I have a few notes that my mother left behind that, at first glance, might not seem all that important: a hand-written list of foods she was going to prepare for a family holiday tucked among the pages of a church cookbook. And a thin strip of paper peeking out from the leaves of her Bible notating the Scripture she was contemplating on a particular day. I even discovered a page inked with a manual typewriter’s strokes of her fingers in casual practice of the keys on the keyboard along with the letters which spelled out her name again and again.
Running my fingers along her cursive and typed simple legacy, I am reminded of the final days of my quiet, unassuming mother who was more comfortable following a step behind than taking a step in the lead. However, she was strong in her faith in the Lord. Her final days included a heart attack, heart surgery, a stroke, and the day she died at the age of 76.
However, before my mother’s death, there had actually been three years of final days. Final days since Dad had told his last family story which ended in his unrestrained laughter, had done his last “tinkering,” had last called Mom his “sweet little thing,” had last raised his unmistakable high-pitched tenor voice in song or in an affirmative “AMEN!” and the final time of many when Dad had asked if someone were “saved.”
Those three years, without Dad, stripped Mom of the personal freedom of mobility outside the home as she had never learned to drive. She relied on me, one of her sisters, and a close cousin to get her where she needed or wanted to go. For my part, I never felt put out in doing what I could for my mother for she exemplified the beauty of Christ’s love, sharing her life with Dad for 56 years, and nurturing her two children and six grandchildren with a gentle, always prayerful spirit. After Dad died, Mom said to me, “We’ve got a long, hard road ahead.”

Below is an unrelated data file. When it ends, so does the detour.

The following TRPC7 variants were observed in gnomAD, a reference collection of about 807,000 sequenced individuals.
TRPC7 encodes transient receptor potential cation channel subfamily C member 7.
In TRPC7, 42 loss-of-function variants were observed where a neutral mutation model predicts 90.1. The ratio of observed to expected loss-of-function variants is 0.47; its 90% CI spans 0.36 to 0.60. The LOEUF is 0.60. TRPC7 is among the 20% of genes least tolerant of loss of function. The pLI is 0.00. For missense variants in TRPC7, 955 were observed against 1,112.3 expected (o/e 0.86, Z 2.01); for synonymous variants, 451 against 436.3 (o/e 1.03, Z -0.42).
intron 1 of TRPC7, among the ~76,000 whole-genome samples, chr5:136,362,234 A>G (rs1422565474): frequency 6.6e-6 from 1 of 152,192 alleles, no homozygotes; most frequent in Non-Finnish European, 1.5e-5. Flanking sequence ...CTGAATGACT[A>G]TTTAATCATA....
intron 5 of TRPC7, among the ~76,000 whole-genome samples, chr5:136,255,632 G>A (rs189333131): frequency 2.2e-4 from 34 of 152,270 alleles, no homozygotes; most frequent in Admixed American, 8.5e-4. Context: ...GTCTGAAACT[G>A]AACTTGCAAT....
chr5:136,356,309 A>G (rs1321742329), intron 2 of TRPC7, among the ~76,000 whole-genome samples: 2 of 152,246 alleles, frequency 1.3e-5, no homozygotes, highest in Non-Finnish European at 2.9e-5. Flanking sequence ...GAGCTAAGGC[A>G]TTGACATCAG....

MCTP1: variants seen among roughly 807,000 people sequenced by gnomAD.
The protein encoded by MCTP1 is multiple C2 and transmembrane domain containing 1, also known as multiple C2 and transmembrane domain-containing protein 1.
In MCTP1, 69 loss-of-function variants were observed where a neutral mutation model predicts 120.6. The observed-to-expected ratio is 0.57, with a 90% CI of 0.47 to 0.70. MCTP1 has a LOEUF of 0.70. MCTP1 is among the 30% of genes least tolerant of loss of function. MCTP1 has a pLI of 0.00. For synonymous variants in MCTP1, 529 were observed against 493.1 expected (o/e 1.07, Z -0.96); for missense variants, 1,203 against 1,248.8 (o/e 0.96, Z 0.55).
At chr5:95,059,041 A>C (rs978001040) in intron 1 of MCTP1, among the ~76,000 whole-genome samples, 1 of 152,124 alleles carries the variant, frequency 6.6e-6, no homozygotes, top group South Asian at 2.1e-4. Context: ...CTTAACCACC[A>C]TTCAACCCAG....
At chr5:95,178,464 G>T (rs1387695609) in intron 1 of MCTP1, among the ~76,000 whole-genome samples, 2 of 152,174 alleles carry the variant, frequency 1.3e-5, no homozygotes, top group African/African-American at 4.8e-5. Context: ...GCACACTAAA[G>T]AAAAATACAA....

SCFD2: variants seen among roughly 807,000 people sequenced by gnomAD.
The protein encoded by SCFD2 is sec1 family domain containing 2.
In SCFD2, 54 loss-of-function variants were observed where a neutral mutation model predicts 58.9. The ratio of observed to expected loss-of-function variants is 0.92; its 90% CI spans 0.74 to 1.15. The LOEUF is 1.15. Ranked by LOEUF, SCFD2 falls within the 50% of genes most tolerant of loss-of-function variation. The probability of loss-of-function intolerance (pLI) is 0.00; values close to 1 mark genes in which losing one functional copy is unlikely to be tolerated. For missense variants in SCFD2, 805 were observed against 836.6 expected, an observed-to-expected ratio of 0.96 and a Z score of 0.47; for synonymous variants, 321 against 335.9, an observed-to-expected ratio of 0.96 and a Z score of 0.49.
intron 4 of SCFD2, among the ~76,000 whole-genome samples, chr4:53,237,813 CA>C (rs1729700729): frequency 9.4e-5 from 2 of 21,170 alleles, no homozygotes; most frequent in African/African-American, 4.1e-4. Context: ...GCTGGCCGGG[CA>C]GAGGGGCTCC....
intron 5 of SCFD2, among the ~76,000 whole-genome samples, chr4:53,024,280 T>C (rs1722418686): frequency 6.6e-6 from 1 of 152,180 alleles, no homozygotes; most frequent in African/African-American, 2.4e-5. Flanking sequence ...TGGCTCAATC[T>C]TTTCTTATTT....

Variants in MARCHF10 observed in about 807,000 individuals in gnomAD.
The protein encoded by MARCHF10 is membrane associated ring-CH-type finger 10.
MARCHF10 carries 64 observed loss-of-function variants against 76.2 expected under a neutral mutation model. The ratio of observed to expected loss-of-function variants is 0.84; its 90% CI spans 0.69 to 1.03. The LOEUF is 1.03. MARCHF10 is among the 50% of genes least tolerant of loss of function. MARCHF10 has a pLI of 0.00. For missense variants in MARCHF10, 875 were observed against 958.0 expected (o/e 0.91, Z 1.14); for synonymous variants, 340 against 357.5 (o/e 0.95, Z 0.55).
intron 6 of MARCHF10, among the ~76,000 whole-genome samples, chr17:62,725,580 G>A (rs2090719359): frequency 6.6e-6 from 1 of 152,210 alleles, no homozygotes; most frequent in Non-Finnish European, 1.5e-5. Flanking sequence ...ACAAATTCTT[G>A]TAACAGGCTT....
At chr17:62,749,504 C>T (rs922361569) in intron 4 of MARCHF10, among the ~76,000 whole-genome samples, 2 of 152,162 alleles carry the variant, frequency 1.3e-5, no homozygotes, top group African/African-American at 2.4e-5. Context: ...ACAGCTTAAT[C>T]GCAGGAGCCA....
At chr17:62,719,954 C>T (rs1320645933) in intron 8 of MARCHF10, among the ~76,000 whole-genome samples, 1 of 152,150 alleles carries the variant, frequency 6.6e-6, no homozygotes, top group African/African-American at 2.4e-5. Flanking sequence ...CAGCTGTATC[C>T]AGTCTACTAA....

When my mother left us, we grieved for ourselves, but celebrated for her. Here is the verse I wrote thinking about that road that she and I travelled together after Dad’s death. It was the path which led Mom to Heaven with our Lord. I first shared it in the eulogy I gave at her funeral. Now I share it with you to exalt the mercy and grace of God through Jesus Christ which leads to salvation and life everlasting for all who believe, just as my mother believed:
A Long Hard Road Ahead
We saw a long, hard road ahead
But little did we know
That through death’s shadows you’d be led
While walking down that road.
Still we never doubted God’s great grace
Or the power of His hand
As he reached to pull you to His face
To celebrate in the Promised Land
To celebrate in the Promised Land . . .
By Connie Carlisle Polley, 2018-2019
One thought on “Remembering My Mother’s Final Days”
Thanks for sharing those memories. And thanks for the inspiring poem.